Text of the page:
Birds of Prey: Chapter 9

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Jaeger couldn’t feel so much as a vibration through the floor, and there was no sound from the engine, he might have been standing still if it hadn’t been for the trees that were rushing past the windows at alarming speed. He looked out over the band of greenery, the elevated mag-lev track giving him a better view of his surroundings. It looked much like it had from the air, trees and grass, rolling hills and white structures in all kinds of shapes and sizes. But from this angle, he could really appreciate the effort that had gone into the landscaping, the way that every tree and hill seemed precisely placed to obscure something else from view. In a way, it reminded him of the Pinwheel, an artificial structure that used clever trickery to present an illusion of nature.

The city center was rushing towards them, the spires and glass towers even more artsy and exotic when seen from this distance, but Maza had said that they would be visiting the wall first. They seemed to be going in the wrong direction.

Before he could bring it up with her, he noticed that another train car was rushing towards them along the track, his heartbeat quickening as he watched it approach. The two cars were going so fast that they would probably vaporize if they heat each other.

“Uh…Maza? There’s another car on the same track as ours. Maza? Maza!”

Moments before the two collided, the cars shifted, sliding to either side of the cylindrical track as if they were falling off it. The interior stayed level, like it was gyroscopically stabilized, Jaeger barely feeling the motion as he watched the other car zip past. It then returned to its original position, the aliens fluttering their feathers and laughing at his reaction.

“I guess that’s one way to get two cars on the same track,” he mumbled, composing himself. He glanced over his shoulder at Baker, who seemed to have enjoyed the scare, a wide grin on his face.

They reached a Y-bend in the track, and the car shot off to the right, the mag-lev system was apparently much more versatile than he was accustomed to. Now they were heading in the direction of the circular wall, he could see it slowly rising in the distance. He craned his neck to peer out of the windows as they passed over a residential district, watching the dome-shaped dwellings fly past below. Each one was surrounded by gardens, and they were all near a water source, you’d have to pay out of the nose to live somewhere like that on Earth. Buying a square foot of land was probably equal to the cost of paving it with an inch of gold plating.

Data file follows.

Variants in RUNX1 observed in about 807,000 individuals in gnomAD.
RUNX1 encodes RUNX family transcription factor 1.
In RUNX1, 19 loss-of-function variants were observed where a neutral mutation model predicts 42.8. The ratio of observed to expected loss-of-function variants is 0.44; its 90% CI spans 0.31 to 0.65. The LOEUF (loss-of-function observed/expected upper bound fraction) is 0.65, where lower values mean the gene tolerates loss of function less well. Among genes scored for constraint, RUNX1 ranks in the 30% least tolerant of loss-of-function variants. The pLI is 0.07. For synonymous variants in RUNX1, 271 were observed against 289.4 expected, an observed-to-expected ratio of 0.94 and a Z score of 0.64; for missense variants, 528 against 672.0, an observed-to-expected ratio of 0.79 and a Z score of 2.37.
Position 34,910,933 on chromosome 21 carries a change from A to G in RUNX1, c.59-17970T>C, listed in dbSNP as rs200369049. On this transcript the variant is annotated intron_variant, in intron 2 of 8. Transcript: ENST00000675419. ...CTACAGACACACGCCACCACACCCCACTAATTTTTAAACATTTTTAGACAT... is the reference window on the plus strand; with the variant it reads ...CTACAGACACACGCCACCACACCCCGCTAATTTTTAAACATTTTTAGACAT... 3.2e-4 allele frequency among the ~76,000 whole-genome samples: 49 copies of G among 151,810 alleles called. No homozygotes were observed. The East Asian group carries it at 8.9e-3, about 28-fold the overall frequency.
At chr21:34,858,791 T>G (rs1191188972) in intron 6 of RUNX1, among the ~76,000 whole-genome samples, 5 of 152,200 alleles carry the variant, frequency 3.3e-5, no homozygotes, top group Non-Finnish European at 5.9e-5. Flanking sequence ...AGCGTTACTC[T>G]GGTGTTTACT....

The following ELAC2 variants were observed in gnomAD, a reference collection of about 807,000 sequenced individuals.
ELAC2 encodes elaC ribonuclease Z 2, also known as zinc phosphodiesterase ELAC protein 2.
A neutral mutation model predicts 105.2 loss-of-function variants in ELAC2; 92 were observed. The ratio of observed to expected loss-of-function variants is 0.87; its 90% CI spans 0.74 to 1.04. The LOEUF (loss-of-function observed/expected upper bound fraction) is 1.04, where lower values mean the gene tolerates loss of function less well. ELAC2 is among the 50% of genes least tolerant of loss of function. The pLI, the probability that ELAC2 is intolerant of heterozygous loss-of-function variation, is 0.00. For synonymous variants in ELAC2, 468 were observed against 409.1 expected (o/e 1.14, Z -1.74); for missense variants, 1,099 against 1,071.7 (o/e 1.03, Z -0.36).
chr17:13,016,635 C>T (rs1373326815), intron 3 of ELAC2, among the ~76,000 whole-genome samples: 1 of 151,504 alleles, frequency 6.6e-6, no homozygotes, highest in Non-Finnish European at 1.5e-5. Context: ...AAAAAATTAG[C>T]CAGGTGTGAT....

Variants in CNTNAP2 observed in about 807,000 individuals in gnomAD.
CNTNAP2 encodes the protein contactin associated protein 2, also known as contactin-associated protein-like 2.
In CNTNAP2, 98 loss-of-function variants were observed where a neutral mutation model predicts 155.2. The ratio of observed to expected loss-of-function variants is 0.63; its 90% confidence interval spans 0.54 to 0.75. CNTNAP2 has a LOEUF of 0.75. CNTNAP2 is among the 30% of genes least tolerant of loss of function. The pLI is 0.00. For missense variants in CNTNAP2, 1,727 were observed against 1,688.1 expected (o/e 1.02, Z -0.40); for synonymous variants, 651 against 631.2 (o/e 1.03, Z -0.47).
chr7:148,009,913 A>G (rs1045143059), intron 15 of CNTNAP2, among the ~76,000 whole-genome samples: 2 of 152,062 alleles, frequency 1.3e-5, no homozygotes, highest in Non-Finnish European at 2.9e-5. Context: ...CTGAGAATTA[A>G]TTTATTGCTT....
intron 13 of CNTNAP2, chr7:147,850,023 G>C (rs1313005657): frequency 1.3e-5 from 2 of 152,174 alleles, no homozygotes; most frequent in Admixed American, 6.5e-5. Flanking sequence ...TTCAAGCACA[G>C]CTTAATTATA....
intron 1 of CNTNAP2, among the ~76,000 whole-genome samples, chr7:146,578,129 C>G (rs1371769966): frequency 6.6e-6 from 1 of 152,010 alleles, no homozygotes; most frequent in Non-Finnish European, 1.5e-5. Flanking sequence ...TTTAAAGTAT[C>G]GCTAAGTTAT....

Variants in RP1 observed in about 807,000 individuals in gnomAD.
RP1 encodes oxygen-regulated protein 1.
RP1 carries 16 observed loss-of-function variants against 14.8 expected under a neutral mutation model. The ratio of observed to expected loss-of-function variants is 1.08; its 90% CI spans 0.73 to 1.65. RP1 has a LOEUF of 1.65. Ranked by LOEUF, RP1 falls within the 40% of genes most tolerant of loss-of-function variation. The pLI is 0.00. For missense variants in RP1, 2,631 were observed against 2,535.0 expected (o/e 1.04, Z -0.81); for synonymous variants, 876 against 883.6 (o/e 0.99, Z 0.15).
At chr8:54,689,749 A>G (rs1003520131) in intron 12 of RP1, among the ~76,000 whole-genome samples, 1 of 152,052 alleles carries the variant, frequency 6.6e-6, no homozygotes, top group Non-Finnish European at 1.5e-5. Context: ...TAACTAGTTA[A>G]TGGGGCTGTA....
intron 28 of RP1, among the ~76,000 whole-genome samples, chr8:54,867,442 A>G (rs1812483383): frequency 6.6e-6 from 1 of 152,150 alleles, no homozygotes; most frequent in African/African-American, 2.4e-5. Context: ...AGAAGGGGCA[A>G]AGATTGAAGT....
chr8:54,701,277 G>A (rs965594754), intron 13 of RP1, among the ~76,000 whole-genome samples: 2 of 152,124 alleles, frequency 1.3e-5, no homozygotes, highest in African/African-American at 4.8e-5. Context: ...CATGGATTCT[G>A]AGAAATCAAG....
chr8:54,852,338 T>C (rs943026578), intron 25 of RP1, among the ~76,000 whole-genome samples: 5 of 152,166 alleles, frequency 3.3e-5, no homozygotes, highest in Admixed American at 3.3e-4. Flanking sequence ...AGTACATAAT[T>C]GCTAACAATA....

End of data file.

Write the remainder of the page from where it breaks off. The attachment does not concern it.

Behind him, Baker was making more conversation with his neighbors, more interested in their social system than in the scenery it seemed.

“So is Maza your leader?”

“No,” the Valbaran who was seated next to him replied, Jaeger recognizing her as Ayau. The more time he spent with the flock, the more he was able to differentiate between the individuals, they all had subtle features that set them apart. “We are all of equal standing within the flock.”

“Then how do you decide who to follow?”

“If someone takes the initiative and nobody objects, then we follow them. The flock has no leader.”

“And if two of you disagree?”

“Then we reach a consensus.”

The wall grew larger and larger, it was built like a dam, with sloped faces that were thinner on top. There were instruments and windows lining it, miscellaneous machinery that could have been anything from comms gear to weather monitoring equipment, and he could see spots near the bottom where water drained from pipes to fill the rivers and lakes within the city. There were buildings on top of it spaced at intervals, too small to house laser batteries. They might be simple guard towers, he would find out soon enough.

The track branched off again, this one leading towards the top of the wall at an incline, and the train car finally came to a stop at another awning that protected the passengers from the elements. Once they had all disembarked, the car looped back around, vanishing from view as it slid back down the track.